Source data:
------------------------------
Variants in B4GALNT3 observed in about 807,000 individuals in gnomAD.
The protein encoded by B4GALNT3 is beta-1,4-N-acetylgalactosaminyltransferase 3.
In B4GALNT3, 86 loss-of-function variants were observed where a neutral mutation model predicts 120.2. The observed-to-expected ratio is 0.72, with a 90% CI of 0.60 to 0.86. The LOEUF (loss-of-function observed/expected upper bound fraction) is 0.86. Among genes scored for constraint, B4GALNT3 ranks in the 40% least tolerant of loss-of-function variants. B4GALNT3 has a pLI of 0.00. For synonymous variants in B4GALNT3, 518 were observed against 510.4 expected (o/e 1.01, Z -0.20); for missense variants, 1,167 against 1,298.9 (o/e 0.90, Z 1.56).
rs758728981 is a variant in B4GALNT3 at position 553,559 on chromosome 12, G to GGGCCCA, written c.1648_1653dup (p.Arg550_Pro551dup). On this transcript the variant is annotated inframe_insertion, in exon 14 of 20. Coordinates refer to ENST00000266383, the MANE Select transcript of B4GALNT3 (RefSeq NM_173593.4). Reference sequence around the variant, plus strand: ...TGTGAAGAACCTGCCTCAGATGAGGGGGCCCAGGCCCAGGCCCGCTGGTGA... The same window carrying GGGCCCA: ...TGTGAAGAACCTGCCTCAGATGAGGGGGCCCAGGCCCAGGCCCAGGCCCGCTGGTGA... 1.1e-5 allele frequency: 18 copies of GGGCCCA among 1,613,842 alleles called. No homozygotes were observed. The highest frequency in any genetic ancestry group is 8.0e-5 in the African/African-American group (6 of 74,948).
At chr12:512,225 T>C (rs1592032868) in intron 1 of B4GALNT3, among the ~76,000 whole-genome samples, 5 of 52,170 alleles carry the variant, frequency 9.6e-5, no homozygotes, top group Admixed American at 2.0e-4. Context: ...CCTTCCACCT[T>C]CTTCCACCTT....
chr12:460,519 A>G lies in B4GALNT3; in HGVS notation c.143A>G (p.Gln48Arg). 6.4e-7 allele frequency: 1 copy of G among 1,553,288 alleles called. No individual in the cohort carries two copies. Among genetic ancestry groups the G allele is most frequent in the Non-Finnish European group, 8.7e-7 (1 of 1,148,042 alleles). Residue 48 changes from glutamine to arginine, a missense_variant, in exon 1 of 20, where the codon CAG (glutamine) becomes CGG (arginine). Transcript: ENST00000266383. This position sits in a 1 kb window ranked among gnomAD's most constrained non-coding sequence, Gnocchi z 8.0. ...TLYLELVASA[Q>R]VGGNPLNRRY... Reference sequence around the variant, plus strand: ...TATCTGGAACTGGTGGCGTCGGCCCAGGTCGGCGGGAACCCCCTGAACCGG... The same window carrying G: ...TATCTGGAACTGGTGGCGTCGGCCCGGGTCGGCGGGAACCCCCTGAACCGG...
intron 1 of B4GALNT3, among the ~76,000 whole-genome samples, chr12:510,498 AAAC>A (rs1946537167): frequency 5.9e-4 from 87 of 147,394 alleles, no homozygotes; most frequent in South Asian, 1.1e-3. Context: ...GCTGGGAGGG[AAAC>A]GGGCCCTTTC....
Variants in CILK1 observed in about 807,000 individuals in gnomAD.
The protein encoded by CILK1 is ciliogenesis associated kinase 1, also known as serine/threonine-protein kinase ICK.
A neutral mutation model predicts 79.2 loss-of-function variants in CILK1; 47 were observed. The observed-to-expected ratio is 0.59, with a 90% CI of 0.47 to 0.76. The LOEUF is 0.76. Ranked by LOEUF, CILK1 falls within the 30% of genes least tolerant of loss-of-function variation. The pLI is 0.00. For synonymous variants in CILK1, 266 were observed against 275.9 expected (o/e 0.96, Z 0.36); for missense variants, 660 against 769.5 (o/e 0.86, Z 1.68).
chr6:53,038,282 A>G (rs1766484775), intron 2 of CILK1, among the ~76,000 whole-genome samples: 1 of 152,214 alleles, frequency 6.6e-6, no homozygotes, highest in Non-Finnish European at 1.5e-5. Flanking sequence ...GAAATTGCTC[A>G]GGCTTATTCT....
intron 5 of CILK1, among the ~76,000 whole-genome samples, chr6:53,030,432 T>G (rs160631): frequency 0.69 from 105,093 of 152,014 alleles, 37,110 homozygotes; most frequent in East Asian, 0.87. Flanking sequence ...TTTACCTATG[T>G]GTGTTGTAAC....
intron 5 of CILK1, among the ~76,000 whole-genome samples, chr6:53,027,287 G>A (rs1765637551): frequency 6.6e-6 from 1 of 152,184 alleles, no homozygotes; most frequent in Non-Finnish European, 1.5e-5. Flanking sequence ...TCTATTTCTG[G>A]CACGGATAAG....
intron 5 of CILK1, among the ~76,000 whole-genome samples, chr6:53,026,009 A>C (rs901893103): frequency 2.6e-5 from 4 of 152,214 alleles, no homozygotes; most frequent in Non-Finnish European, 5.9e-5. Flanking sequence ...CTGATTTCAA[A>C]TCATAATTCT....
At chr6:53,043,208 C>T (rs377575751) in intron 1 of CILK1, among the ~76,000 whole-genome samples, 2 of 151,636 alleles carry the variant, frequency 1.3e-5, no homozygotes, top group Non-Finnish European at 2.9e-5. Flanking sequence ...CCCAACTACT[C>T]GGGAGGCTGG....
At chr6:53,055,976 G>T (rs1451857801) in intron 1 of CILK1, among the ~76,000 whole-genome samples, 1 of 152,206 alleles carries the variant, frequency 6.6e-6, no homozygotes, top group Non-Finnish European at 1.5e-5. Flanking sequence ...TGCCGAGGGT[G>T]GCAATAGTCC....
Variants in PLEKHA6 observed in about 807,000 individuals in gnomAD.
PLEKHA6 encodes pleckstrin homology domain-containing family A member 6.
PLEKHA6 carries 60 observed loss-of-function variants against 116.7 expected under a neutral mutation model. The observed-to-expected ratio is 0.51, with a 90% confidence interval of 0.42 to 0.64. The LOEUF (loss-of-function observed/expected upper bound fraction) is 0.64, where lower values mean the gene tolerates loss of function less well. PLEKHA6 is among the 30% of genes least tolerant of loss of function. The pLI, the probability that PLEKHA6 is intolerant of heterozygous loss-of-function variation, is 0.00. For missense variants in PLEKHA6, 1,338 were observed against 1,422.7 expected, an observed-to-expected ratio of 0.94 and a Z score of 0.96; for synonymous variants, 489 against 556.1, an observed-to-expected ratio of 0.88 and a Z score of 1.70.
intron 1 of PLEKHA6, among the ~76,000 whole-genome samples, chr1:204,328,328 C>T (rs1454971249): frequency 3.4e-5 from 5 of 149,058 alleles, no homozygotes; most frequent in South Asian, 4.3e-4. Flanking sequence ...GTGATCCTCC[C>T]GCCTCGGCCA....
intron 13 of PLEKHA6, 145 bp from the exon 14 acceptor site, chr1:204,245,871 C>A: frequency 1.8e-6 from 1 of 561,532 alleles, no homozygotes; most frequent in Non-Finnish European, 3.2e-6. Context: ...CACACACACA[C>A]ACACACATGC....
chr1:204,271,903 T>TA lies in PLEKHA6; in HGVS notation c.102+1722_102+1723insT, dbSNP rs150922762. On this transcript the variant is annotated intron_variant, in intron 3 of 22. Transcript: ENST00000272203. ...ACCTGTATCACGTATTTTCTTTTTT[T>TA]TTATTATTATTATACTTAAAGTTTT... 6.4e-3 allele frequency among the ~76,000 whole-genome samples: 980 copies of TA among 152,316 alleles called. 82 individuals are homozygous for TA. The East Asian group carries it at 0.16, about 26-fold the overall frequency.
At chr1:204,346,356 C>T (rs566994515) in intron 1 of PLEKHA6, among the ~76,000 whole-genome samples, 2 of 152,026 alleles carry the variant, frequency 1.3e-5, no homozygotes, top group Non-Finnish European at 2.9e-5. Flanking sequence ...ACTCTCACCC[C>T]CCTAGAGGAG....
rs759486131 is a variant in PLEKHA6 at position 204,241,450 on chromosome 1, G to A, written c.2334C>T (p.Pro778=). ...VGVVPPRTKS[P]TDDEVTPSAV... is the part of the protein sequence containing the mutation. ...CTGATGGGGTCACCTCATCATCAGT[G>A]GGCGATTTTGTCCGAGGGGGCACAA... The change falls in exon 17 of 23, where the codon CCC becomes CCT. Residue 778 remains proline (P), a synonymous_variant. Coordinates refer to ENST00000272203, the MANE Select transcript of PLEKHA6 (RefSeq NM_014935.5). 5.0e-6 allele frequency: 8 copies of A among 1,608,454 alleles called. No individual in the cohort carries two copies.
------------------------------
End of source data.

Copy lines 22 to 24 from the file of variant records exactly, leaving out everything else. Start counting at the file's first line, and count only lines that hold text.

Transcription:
chr1:204,271,903 T>TA lies in PLEKHA6; in HGVS notation c.102+1722_102+1723insT, dbSNP rs150922762. On this transcript the variant is annotated intron_variant, in intron 3 of 22. Transcript: ENST00000272203. ...ACCTGTATCACGTATTTTCTTTTTT[T>TA]TTATTATTATTATACTTAAAGTTTT... 6.4e-3 allele frequency among the ~76,000 whole-genome samples: 980 copies of TA among 152,316 alleles called. 82 individuals are homozygous for TA. The East Asian group carries it at 0.16, about 26-fold the overall frequency.
At chr1:204,346,356 C>T (rs566994515) in intron 1 of PLEKHA6, among the ~76,000 whole-genome samples, 2 of 152,026 alleles carry the variant, frequency 1.3e-5, no homozygotes, top group Non-Finnish European at 2.9e-5. Flanking sequence ...ACTCTCACCC[C>T]CCTAGAGGAG....
rs759486131 is a variant in PLEKHA6 at position 204,241,450 on chromosome 1, G to A, written c.2334C>T (p.Pro778=). ...VGVVPPRTKS[P]TDDEVTPSAV... is the part of the protein sequence containing the mutation. ...CTGATGGGGTCACCTCATCATCAGT[G>A]GGCGATTTTGTCCGAGGGGGCACAA... The change falls in exon 17 of 23, where the codon CCC becomes CCT. Residue 778 remains proline (P), a synonymous_variant. Coordinates refer to ENST00000272203, the MANE Select transcript of PLEKHA6 (RefSeq NM_014935.5). 5.0e-6 allele frequency: 8 copies of A among 1,608,454 alleles called. No individual in the cohort carries two copies.